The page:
The blurb says:
Crime reporter Annika Bengtzon is woken by a phonecall in the early hours of a wintry December morning. An explosion has ripped apart the Olympic Stadium. And a victim has been blown to pieces.
As Annika delves into the details of the bombing and the background of the victim, there is a second explosion.
When her police source reveals they are hot on the heels of the bomber, Annika is guaranteed an exclusive with her name on it. But it soon becomes clear that she has uncovered too much, as she finds herself the target of a deranged serial killer...
This was a great read for the festive period, as it takes place during the week leading up to Christmas and reveals Annika's struggles to get Christmas 'right' as a working Mum, as well as the pressures she faces at work and the very real danger she courts as leader of the crime section of the newspaper. There is plenty of atmospheric detail in this novel and Marklund makes it very easy to lose yourself in the world she captures on the page. Marklund was a journalist herself and it is plain that details such as procedures, legal concerns and office behaviour all come from an experienced voice.
There is also a great deal of domestic and personal detail in the story, which I found mostly constructive in establishing character, but I have seen reviews criticising the inclusion of (for example) each cup of coffee drunk. I found it overall an immersive experience and, for me, it helped in ratcheting up the tension, although this is on the whole a drawn-out rather than top-speed pacey kind of thriller.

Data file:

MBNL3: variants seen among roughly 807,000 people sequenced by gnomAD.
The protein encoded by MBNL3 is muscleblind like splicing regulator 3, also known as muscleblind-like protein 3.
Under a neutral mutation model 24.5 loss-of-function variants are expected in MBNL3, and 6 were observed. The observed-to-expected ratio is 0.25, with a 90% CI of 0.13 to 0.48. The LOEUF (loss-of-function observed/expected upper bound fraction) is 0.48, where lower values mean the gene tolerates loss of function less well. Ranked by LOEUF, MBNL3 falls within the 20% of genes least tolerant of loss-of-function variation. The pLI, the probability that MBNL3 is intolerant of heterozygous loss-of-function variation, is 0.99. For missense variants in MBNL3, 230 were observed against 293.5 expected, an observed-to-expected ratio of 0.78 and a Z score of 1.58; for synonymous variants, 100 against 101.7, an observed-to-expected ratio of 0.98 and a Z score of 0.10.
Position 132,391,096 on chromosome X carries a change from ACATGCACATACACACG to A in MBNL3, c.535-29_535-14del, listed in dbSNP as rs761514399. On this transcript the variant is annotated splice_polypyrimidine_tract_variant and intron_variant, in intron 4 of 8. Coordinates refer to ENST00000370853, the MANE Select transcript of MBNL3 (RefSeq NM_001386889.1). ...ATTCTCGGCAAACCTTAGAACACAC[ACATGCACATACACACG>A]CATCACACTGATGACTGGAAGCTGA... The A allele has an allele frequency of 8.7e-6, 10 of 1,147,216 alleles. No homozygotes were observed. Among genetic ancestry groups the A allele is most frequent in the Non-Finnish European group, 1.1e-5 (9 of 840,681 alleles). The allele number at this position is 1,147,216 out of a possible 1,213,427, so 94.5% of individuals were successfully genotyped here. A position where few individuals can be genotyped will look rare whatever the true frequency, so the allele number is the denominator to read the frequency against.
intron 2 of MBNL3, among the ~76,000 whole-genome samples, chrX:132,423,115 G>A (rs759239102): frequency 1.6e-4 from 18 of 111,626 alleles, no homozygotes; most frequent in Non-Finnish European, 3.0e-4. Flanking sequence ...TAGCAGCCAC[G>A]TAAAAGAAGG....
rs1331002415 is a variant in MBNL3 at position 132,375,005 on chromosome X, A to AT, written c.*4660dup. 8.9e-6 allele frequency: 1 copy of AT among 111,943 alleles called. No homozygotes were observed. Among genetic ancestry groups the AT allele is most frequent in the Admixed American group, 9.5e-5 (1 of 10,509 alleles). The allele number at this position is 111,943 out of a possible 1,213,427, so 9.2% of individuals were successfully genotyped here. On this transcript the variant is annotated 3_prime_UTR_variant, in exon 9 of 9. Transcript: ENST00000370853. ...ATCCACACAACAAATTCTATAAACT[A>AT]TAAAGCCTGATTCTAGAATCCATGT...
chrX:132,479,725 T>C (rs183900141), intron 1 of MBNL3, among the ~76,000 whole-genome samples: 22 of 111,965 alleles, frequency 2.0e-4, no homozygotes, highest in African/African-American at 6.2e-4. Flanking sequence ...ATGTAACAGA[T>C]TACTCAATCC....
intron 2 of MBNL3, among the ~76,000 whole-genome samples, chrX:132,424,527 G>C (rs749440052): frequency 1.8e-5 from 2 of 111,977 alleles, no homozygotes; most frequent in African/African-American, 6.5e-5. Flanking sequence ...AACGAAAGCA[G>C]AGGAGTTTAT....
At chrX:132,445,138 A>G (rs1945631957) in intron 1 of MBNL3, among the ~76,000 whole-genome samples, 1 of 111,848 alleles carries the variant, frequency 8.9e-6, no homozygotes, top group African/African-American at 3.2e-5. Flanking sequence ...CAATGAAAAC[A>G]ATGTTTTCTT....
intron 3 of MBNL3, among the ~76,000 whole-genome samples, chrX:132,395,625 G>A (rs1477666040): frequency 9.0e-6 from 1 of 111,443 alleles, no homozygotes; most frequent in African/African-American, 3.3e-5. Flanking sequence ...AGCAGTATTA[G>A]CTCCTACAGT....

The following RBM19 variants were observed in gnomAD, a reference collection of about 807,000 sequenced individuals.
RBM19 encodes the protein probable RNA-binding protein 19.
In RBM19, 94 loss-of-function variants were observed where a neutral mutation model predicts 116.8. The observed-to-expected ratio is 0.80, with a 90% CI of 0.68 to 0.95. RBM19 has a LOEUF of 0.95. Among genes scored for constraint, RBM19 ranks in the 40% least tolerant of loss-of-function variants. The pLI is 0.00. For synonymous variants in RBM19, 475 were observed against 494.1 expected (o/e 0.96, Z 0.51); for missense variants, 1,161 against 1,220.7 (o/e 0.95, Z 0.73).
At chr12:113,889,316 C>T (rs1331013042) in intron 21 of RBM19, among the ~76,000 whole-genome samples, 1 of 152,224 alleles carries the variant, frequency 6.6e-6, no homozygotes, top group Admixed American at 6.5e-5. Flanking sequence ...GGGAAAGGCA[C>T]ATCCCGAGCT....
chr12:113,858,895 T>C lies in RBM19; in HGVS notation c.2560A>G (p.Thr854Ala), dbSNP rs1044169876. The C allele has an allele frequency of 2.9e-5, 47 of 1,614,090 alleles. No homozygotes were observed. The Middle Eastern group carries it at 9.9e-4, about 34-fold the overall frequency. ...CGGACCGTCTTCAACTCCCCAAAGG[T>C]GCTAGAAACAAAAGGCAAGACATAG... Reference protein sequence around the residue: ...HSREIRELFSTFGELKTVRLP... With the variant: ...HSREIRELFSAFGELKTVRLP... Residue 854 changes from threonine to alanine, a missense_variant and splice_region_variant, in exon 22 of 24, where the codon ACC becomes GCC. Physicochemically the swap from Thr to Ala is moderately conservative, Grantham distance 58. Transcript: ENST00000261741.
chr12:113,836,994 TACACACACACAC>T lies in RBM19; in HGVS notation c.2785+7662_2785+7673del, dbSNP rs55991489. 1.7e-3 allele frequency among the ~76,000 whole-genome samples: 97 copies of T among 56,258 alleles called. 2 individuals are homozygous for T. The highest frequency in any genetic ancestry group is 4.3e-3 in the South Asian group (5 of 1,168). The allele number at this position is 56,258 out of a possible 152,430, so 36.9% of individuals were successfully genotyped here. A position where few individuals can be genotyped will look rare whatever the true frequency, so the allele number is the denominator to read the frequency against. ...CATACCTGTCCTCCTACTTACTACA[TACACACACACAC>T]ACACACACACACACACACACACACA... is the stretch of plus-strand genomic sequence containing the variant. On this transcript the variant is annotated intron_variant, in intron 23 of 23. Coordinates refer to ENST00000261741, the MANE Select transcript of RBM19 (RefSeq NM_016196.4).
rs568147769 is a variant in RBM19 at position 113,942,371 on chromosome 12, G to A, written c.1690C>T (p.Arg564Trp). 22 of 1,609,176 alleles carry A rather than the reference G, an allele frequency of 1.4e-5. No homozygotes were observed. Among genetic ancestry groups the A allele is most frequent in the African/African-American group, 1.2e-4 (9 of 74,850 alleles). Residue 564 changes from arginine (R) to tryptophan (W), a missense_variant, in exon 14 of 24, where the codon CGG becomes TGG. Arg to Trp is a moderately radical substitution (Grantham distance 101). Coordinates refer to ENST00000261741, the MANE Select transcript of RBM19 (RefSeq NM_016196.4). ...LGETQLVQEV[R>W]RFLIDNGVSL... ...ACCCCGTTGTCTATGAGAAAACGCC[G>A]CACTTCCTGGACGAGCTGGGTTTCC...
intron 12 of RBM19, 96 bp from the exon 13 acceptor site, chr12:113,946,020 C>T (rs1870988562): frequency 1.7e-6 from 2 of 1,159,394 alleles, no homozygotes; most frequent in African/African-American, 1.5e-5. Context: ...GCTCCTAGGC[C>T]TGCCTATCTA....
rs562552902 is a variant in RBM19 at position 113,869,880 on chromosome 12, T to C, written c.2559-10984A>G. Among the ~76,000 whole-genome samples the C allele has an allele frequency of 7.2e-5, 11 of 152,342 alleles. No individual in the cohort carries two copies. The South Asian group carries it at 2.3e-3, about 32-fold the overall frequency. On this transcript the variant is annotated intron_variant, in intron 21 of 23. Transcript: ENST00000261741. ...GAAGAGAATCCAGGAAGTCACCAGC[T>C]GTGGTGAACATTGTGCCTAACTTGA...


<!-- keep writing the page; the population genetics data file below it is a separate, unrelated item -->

The narrative is third person past, mostly from Annika's perspective, but there are occasional sections from others' points of view. There are also some short journal-type sections dotted throughout the novel which seem to be some kind of justification of the bomber's motivation and values, offering a very different view of the world.
Annika is a complex character, who seems to be struggling with balancing her demanding career with her family ties. I feel that this aspect of her is particularly well-drawn from a feminist viewpoint without implying that she should have to choose between work and family. She is shown suffering from sexism at work, and worrying about her ability to be a good wife and mother, but she is a realistic creation and does behave as an individual under stress. Again, I know there have been some reviewers who have struggled to accept her as a likeable narrator, but my personal opinion is that her environment is presented clearly enough for us to see her as a product of it. In other words, she may be sometimes moody, but I would suggest she has a right to, under the circumstances.
Overall, I would recommend this as a crime thriller from a slightly different angle, using a reporter as the main character rather than a police detective or private investigator.